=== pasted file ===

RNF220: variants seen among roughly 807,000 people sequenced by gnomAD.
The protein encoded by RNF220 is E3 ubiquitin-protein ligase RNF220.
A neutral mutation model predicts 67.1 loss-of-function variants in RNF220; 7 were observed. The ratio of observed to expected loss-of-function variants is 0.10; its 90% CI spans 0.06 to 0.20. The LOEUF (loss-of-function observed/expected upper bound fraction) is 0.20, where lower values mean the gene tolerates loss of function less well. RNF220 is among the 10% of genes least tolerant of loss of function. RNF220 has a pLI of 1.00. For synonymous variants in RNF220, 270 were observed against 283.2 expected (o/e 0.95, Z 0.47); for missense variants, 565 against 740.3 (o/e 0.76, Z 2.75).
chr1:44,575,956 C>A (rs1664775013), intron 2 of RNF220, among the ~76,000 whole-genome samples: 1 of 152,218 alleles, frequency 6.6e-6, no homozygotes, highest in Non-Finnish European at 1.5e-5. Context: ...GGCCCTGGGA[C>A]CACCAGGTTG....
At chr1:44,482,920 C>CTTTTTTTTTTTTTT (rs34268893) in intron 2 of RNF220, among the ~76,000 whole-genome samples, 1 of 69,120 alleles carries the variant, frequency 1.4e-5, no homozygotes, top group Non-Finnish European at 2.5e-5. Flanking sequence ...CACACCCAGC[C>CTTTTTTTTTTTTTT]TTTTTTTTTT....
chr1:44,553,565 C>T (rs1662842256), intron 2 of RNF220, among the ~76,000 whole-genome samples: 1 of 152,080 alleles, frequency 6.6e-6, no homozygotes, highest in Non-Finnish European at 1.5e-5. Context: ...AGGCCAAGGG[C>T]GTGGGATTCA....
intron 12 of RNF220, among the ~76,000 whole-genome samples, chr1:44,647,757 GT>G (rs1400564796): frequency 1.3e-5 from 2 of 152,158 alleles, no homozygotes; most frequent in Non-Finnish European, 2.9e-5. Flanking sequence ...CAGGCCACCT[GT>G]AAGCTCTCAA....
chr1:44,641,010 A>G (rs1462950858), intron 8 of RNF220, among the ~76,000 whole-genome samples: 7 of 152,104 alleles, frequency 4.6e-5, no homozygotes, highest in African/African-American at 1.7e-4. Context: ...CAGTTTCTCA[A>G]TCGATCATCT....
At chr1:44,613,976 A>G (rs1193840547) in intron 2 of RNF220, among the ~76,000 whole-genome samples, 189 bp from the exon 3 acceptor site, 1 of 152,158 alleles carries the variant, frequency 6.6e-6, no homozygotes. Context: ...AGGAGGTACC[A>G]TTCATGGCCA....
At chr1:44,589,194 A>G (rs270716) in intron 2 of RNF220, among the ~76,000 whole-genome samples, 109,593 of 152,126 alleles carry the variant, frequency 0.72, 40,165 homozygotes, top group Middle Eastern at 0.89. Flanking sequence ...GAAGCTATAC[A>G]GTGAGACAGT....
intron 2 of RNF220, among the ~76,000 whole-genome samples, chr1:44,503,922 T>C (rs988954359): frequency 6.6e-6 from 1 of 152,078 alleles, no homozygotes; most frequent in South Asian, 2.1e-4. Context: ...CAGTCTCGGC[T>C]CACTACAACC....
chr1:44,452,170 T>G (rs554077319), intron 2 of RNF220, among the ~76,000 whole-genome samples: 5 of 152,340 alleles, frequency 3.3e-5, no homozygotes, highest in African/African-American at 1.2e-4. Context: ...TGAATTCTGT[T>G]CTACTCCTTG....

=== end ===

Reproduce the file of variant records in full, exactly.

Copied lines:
RNF220: variants seen among roughly 807,000 people sequenced by gnomAD.
The protein encoded by RNF220 is E3 ubiquitin-protein ligase RNF220.
A neutral mutation model predicts 67.1 loss-of-function variants in RNF220; 7 were observed. The ratio of observed to expected loss-of-function variants is 0.10; its 90% CI spans 0.06 to 0.20. The LOEUF (loss-of-function observed/expected upper bound fraction) is 0.20, where lower values mean the gene tolerates loss of function less well. RNF220 is among the 10% of genes least tolerant of loss of function. RNF220 has a pLI of 1.00. For synonymous variants in RNF220, 270 were observed against 283.2 expected (o/e 0.95, Z 0.47); for missense variants, 565 against 740.3 (o/e 0.76, Z 2.75).
chr1:44,575,956 C>A (rs1664775013), intron 2 of RNF220, among the ~76,000 whole-genome samples: 1 of 152,218 alleles, frequency 6.6e-6, no homozygotes, highest in Non-Finnish European at 1.5e-5. Context: ...GGCCCTGGGA[C>A]CACCAGGTTG....
At chr1:44,482,920 C>CTTTTTTTTTTTTTT (rs34268893) in intron 2 of RNF220, among the ~76,000 whole-genome samples, 1 of 69,120 alleles carries the variant, frequency 1.4e-5, no homozygotes, top group Non-Finnish European at 2.5e-5. Flanking sequence ...CACACCCAGC[C>CTTTTTTTTTTTTTT]TTTTTTTTTT....
chr1:44,553,565 C>T (rs1662842256), intron 2 of RNF220, among the ~76,000 whole-genome samples: 1 of 152,080 alleles, frequency 6.6e-6, no homozygotes, highest in Non-Finnish European at 1.5e-5. Context: ...AGGCCAAGGG[C>T]GTGGGATTCA....
intron 12 of RNF220, among the ~76,000 whole-genome samples, chr1:44,647,757 GT>G (rs1400564796): frequency 1.3e-5 from 2 of 152,158 alleles, no homozygotes; most frequent in Non-Finnish European, 2.9e-5. Flanking sequence ...CAGGCCACCT[GT>G]AAGCTCTCAA....
chr1:44,641,010 A>G (rs1462950858), intron 8 of RNF220, among the ~76,000 whole-genome samples: 7 of 152,104 alleles, frequency 4.6e-5, no homozygotes, highest in African/African-American at 1.7e-4. Context: ...CAGTTTCTCA[A>G]TCGATCATCT....
At chr1:44,613,976 A>G (rs1193840547) in intron 2 of RNF220, among the ~76,000 whole-genome samples, 189 bp from the exon 3 acceptor site, 1 of 152,158 alleles carries the variant, frequency 6.6e-6, no homozygotes. Context: ...AGGAGGTACC[A>G]TTCATGGCCA....
At chr1:44,589,194 A>G (rs270716) in intron 2 of RNF220, among the ~76,000 whole-genome samples, 109,593 of 152,126 alleles carry the variant, frequency 0.72, 40,165 homozygotes, top group Middle Eastern at 0.89. Flanking sequence ...GAAGCTATAC[A>G]GTGAGACAGT....
intron 2 of RNF220, among the ~76,000 whole-genome samples, chr1:44,503,922 T>C (rs988954359): frequency 6.6e-6 from 1 of 152,078 alleles, no homozygotes; most frequent in South Asian, 2.1e-4. Context: ...CAGTCTCGGC[T>C]CACTACAACC....
chr1:44,452,170 T>G (rs554077319), intron 2 of RNF220, among the ~76,000 whole-genome samples: 5 of 152,340 alleles, frequency 3.3e-5, no homozygotes, highest in African/African-American at 1.2e-4. Context: ...TGAATTCTGT[T>G]CTACTCCTTG....